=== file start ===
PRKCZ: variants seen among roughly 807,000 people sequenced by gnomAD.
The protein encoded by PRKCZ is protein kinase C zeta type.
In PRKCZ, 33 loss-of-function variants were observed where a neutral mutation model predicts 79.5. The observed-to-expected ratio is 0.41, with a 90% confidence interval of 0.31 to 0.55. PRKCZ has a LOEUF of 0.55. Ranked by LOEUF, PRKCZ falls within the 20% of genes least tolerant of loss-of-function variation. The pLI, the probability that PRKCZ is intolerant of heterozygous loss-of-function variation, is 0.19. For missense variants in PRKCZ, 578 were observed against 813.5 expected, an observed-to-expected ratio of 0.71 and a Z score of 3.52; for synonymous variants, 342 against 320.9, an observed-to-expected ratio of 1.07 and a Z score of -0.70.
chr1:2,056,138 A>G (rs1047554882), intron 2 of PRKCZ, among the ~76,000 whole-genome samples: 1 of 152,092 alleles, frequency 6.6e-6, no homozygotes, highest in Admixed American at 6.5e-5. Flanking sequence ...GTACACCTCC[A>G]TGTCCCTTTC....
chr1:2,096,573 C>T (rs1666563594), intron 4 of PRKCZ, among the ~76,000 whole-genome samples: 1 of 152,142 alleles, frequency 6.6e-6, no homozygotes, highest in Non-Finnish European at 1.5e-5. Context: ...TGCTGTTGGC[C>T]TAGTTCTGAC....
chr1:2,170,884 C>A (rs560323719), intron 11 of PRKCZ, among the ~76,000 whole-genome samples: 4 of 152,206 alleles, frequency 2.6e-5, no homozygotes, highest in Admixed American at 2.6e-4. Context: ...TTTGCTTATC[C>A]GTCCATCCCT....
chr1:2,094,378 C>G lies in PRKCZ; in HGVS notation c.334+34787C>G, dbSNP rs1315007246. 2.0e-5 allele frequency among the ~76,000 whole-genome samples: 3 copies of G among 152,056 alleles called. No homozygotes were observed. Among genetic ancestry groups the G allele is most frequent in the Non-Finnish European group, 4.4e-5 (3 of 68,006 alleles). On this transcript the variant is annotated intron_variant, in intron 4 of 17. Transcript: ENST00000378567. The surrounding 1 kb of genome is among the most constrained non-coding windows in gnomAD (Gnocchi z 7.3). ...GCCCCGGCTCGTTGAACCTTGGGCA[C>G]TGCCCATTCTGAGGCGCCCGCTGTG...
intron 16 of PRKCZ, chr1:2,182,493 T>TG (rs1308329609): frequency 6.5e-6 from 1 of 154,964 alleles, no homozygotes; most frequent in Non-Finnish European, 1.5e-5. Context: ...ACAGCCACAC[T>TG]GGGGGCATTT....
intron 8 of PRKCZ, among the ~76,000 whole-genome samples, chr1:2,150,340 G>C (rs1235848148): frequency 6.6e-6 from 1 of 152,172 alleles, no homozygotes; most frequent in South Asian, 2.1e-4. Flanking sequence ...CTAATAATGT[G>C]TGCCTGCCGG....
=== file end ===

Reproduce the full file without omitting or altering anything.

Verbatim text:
PRKCZ: variants seen among roughly 807,000 people sequenced by gnomAD.
The protein encoded by PRKCZ is protein kinase C zeta type.
In PRKCZ, 33 loss-of-function variants were observed where a neutral mutation model predicts 79.5. The observed-to-expected ratio is 0.41, with a 90% confidence interval of 0.31 to 0.55. PRKCZ has a LOEUF of 0.55. Ranked by LOEUF, PRKCZ falls within the 20% of genes least tolerant of loss-of-function variation. The pLI, the probability that PRKCZ is intolerant of heterozygous loss-of-function variation, is 0.19. For missense variants in PRKCZ, 578 were observed against 813.5 expected, an observed-to-expected ratio of 0.71 and a Z score of 3.52; for synonymous variants, 342 against 320.9, an observed-to-expected ratio of 1.07 and a Z score of -0.70.
chr1:2,056,138 A>G (rs1047554882), intron 2 of PRKCZ, among the ~76,000 whole-genome samples: 1 of 152,092 alleles, frequency 6.6e-6, no homozygotes, highest in Admixed American at 6.5e-5. Flanking sequence ...GTACACCTCC[A>G]TGTCCCTTTC....
chr1:2,096,573 C>T (rs1666563594), intron 4 of PRKCZ, among the ~76,000 whole-genome samples: 1 of 152,142 alleles, frequency 6.6e-6, no homozygotes, highest in Non-Finnish European at 1.5e-5. Context: ...TGCTGTTGGC[C>T]TAGTTCTGAC....
chr1:2,170,884 C>A (rs560323719), intron 11 of PRKCZ, among the ~76,000 whole-genome samples: 4 of 152,206 alleles, frequency 2.6e-5, no homozygotes, highest in Admixed American at 2.6e-4. Context: ...TTTGCTTATC[C>A]GTCCATCCCT....
chr1:2,094,378 C>G lies in PRKCZ; in HGVS notation c.334+34787C>G, dbSNP rs1315007246. 2.0e-5 allele frequency among the ~76,000 whole-genome samples: 3 copies of G among 152,056 alleles called. No homozygotes were observed. Among genetic ancestry groups the G allele is most frequent in the Non-Finnish European group, 4.4e-5 (3 of 68,006 alleles). On this transcript the variant is annotated intron_variant, in intron 4 of 17. Transcript: ENST00000378567. The surrounding 1 kb of genome is among the most constrained non-coding windows in gnomAD (Gnocchi z 7.3). ...GCCCCGGCTCGTTGAACCTTGGGCA[C>G]TGCCCATTCTGAGGCGCCCGCTGTG...
intron 16 of PRKCZ, chr1:2,182,493 T>TG (rs1308329609): frequency 6.5e-6 from 1 of 154,964 alleles, no homozygotes; most frequent in Non-Finnish European, 1.5e-5. Context: ...ACAGCCACAC[T>TG]GGGGGCATTT....
intron 8 of PRKCZ, among the ~76,000 whole-genome samples, chr1:2,150,340 G>C (rs1235848148): frequency 6.6e-6 from 1 of 152,172 alleles, no homozygotes; most frequent in South Asian, 2.1e-4. Flanking sequence ...CTAATAATGT[G>C]TGCCTGCCGG....